D: Rudolf Kerasov, Minnesota (8 G, 17 A, 25 Pts, 22 PIM, +6)

RW: James Clay, Milwaukee (8 G, 22 A, 30 Pts, 16 PIM, +3)

 

Third Line

LW: Jean Pierre Fleury, Minnesota (14 G, 11 A, 25 Pts, 14 PIM, +8)

D: Trevor Lockwood, Omaha (7G, 17 A, 24 Pts, 53 PIM, -1)

C: Vance KettermanMilwaukee (11 G, 15 A, 26 Pts, 12 PIM, +3)

D: Duncan DeShantz, Colorado Springs (4 G, 18 A, 22 Pts, 45 PIM, +17)

RW: Mark Winters, Minnesota (7 G, 20 A, 27 Pts, 24 PIM, +7)

 

Goalies

Sonny Kashiuk, Colorado Springs (20-3-1, 1.57 GAA, .943 save %)

Kelvin White, Muncie (12-10-0, 1.85 GAA, .937 save %)

CHL Update: Virginia Coach Gives Bizarre Interview

Jeffrey Marsh

Virginia Rhinos coach Jeffrey Marsh was widely hailed as a genius last season when he took his team to the Eastern Division title and an appearance in the CHL Finals.  His reputation has taken a hit this season, as the Rhinos have stumbled to a sub-.500 record on the heels of a recent seven-game skid.  Things went from bad to worse for Marsh this week after a surreal post-game press conference that left reporters baffled and had some wondering whether Marsh was drunk or stoned.

After Saturday’s 7-2 loss to the Maine Moose, Marsh addressed reporters as usual.  But rather then offering the standard platitudes about effort and improving the team’s execution, the coach’s answers were a string of bizarre non-sequiturs.  Asked what he had seen on the ice during the game, Marsh replied: “Dinosaurs and fire trucks, mostly.”  When a reporter asked him to evaluate his team’s defensive effort, the coach said, “Yellow matter custard dripping from a dead dog’s eye.”  Questioned about whether C Cyril Perignon seemed to be pushing too hard to overcome his recent scoring drought, Marsh stated: “Partly cloudy, with a 50% chance of rain later in the week.”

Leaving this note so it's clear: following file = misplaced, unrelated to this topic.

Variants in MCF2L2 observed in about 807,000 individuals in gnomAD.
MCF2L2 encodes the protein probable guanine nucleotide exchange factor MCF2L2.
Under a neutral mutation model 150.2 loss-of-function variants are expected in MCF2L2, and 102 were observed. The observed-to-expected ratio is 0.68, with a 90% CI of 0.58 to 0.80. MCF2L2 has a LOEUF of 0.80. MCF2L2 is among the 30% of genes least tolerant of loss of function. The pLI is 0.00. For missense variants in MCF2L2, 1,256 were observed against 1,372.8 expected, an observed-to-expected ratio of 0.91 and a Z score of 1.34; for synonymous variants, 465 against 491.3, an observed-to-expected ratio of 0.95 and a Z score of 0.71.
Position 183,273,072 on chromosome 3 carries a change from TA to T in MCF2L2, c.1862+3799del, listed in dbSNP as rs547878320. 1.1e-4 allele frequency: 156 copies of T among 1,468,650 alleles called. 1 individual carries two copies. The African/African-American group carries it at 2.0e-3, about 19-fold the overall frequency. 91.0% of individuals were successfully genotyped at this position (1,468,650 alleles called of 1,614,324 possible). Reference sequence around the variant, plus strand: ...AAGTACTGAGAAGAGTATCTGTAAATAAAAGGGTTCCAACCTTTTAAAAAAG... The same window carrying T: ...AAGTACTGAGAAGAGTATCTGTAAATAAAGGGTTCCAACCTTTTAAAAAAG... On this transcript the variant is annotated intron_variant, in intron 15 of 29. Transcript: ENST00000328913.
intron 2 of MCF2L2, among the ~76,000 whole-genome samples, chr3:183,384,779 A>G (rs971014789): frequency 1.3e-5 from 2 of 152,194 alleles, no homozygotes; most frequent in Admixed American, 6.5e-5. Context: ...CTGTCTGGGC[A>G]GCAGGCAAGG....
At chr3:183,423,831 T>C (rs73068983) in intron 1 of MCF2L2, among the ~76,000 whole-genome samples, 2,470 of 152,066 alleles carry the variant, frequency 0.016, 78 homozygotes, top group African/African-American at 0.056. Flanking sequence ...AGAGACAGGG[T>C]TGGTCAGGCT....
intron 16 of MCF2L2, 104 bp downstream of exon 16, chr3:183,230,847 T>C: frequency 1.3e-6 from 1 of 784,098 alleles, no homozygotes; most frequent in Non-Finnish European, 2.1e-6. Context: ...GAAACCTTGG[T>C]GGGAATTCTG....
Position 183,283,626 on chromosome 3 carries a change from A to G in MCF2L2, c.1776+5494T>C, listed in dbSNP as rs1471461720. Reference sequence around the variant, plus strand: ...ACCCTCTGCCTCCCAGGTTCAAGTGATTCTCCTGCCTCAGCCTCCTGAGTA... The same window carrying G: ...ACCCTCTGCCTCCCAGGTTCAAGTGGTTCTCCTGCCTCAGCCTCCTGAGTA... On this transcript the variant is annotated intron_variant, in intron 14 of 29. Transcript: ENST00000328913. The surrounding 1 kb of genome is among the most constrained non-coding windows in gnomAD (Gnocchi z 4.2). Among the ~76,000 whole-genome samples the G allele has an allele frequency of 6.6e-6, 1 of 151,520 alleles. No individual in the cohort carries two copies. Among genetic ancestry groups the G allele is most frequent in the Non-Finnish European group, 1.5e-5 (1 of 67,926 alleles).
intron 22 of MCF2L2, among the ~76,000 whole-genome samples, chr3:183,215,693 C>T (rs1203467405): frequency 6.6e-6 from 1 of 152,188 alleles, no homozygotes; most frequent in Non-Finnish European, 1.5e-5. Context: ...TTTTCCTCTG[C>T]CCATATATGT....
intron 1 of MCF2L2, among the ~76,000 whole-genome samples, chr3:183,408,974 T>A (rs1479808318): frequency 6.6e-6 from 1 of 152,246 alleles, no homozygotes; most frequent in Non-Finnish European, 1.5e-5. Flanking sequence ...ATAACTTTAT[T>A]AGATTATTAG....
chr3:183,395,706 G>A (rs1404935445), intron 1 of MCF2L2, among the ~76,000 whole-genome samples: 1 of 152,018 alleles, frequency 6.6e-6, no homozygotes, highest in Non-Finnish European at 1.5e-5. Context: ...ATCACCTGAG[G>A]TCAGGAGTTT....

After a couple more questions and answers in this vein, reporters began asking Marsh if he was all right.  The coach’s answer: “Do wah diddy diddy dum diddy doo.”  At this point, a Rhinos staffer ended the interview and escorted Marsh from the podium.

The stories the next day focused less on the outcome of the game and more on Marsh’s mental state.  One article focused on the coach’s “incoherent ranting and raving”; another described Marsh as “coming unglued in front of a live audience.”  Still another piece claimed that the coach “appeared visibly drunk or high,” and described his press-conference performance as “a strange, sad, and embarrassing mess.”

At Virginia’s morning skate the next day, Marsh clarified the reason behind his apparent madness.  He said that he had not been fueled by booze or drugs; rather, by boredom and frustration.  “Let’s be honest,” the coach said.  “These post-game pressers, it’s really just a dance.  You need something to write in your stories, so I get up there and do a little soft-shoe and spout some blah-blah coach speak.  Right?  That’s the deal.

“Well, yesterday I didn’t feel like doing the dance.  The game sucked, and I didn’t have anything interesting or meaningful to say about it.  They told me I’d get fined if I just skipped the press conference.  So instead I went up there and talked nonsense.  Maybe not my finest hour, but hey, it made your stories more interesting, right?”

He added that the front office has talked to him about his behavior.  “I’m sorry I was a bad boy and I promise not to do it again.”

Rhinos GM Ken Lindstrom, asked about Marsh’s antics, laughed and rolled his eyes.  “Look, this is Swampy we’re talking about here,” Lindstrom said.  “He’s an old goalie, and we know most goalies have a screw loose.  He’s frustrated about how we’re doing this year, and I get that.  I am too.  But I reminded him that [reporters] have a job to do too, and when he gets up there and goes all Bob Dylan on us, he’s making it hard for you to do your job.  He gets it.”

Lindstrom paused and added with a wry smile, “I thought about asking him to take a drug test, just to be sure.  But this is just Swampy being Swampy.”